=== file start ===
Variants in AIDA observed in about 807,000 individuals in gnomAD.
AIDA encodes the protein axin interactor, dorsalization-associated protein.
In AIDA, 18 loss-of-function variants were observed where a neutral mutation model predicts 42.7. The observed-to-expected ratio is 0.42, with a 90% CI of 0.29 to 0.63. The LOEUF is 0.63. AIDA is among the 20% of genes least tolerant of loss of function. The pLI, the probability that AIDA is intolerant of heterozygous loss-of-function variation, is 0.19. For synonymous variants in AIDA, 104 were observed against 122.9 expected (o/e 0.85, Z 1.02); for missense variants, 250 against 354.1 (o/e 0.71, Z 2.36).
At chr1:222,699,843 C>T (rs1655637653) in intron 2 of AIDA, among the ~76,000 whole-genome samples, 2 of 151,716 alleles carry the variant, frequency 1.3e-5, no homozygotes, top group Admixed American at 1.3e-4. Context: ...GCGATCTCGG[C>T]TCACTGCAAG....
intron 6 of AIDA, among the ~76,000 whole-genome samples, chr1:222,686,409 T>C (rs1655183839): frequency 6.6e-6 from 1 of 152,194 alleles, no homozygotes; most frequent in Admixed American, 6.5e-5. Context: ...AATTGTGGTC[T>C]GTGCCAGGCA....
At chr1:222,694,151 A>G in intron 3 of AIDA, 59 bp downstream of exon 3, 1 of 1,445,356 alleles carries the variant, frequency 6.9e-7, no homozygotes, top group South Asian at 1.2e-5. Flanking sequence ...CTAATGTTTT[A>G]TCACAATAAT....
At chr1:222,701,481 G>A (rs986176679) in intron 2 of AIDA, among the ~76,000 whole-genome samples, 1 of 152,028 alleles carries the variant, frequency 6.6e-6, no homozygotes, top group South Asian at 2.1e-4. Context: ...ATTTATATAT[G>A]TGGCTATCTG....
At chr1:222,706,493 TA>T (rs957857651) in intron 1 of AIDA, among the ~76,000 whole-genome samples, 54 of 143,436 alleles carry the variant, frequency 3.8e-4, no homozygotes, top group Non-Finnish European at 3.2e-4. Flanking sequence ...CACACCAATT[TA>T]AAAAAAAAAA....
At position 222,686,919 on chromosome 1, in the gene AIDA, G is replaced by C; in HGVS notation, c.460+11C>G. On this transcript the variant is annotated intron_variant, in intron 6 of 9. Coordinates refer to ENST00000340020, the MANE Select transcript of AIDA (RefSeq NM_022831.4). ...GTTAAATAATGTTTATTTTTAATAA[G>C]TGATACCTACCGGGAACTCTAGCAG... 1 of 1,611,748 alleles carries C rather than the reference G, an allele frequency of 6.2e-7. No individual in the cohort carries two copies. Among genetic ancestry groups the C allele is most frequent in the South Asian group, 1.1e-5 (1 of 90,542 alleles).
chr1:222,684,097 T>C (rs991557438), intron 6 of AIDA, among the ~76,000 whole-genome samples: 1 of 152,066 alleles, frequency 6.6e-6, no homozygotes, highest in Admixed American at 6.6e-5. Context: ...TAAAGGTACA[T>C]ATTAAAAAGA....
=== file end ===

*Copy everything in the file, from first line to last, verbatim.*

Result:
Variants in AIDA observed in about 807,000 individuals in gnomAD.
AIDA encodes the protein axin interactor, dorsalization-associated protein.
In AIDA, 18 loss-of-function variants were observed where a neutral mutation model predicts 42.7. The observed-to-expected ratio is 0.42, with a 90% CI of 0.29 to 0.63. The LOEUF is 0.63. AIDA is among the 20% of genes least tolerant of loss of function. The pLI, the probability that AIDA is intolerant of heterozygous loss-of-function variation, is 0.19. For synonymous variants in AIDA, 104 were observed against 122.9 expected (o/e 0.85, Z 1.02); for missense variants, 250 against 354.1 (o/e 0.71, Z 2.36).
At chr1:222,699,843 C>T (rs1655637653) in intron 2 of AIDA, among the ~76,000 whole-genome samples, 2 of 151,716 alleles carry the variant, frequency 1.3e-5, no homozygotes, top group Admixed American at 1.3e-4. Context: ...GCGATCTCGG[C>T]TCACTGCAAG....
intron 6 of AIDA, among the ~76,000 whole-genome samples, chr1:222,686,409 T>C (rs1655183839): frequency 6.6e-6 from 1 of 152,194 alleles, no homozygotes; most frequent in Admixed American, 6.5e-5. Context: ...AATTGTGGTC[T>C]GTGCCAGGCA....
At chr1:222,694,151 A>G in intron 3 of AIDA, 59 bp downstream of exon 3, 1 of 1,445,356 alleles carries the variant, frequency 6.9e-7, no homozygotes, top group South Asian at 1.2e-5. Flanking sequence ...CTAATGTTTT[A>G]TCACAATAAT....
At chr1:222,701,481 G>A (rs986176679) in intron 2 of AIDA, among the ~76,000 whole-genome samples, 1 of 152,028 alleles carries the variant, frequency 6.6e-6, no homozygotes, top group South Asian at 2.1e-4. Context: ...ATTTATATAT[G>A]TGGCTATCTG....
At chr1:222,706,493 TA>T (rs957857651) in intron 1 of AIDA, among the ~76,000 whole-genome samples, 54 of 143,436 alleles carry the variant, frequency 3.8e-4, no homozygotes, top group Non-Finnish European at 3.2e-4. Flanking sequence ...CACACCAATT[TA>T]AAAAAAAAAA....
At position 222,686,919 on chromosome 1, in the gene AIDA, G is replaced by C; in HGVS notation, c.460+11C>G. On this transcript the variant is annotated intron_variant, in intron 6 of 9. Coordinates refer to ENST00000340020, the MANE Select transcript of AIDA (RefSeq NM_022831.4). ...GTTAAATAATGTTTATTTTTAATAA[G>C]TGATACCTACCGGGAACTCTAGCAG... 1 of 1,611,748 alleles carries C rather than the reference G, an allele frequency of 6.2e-7. No individual in the cohort carries two copies. Among genetic ancestry groups the C allele is most frequent in the South Asian group, 1.1e-5 (1 of 90,542 alleles).
chr1:222,684,097 T>C (rs991557438), intron 6 of AIDA, among the ~76,000 whole-genome samples: 1 of 152,066 alleles, frequency 6.6e-6, no homozygotes, highest in Admixed American at 6.6e-5. Context: ...TAAAGGTACA[T>C]ATTAAAAAGA....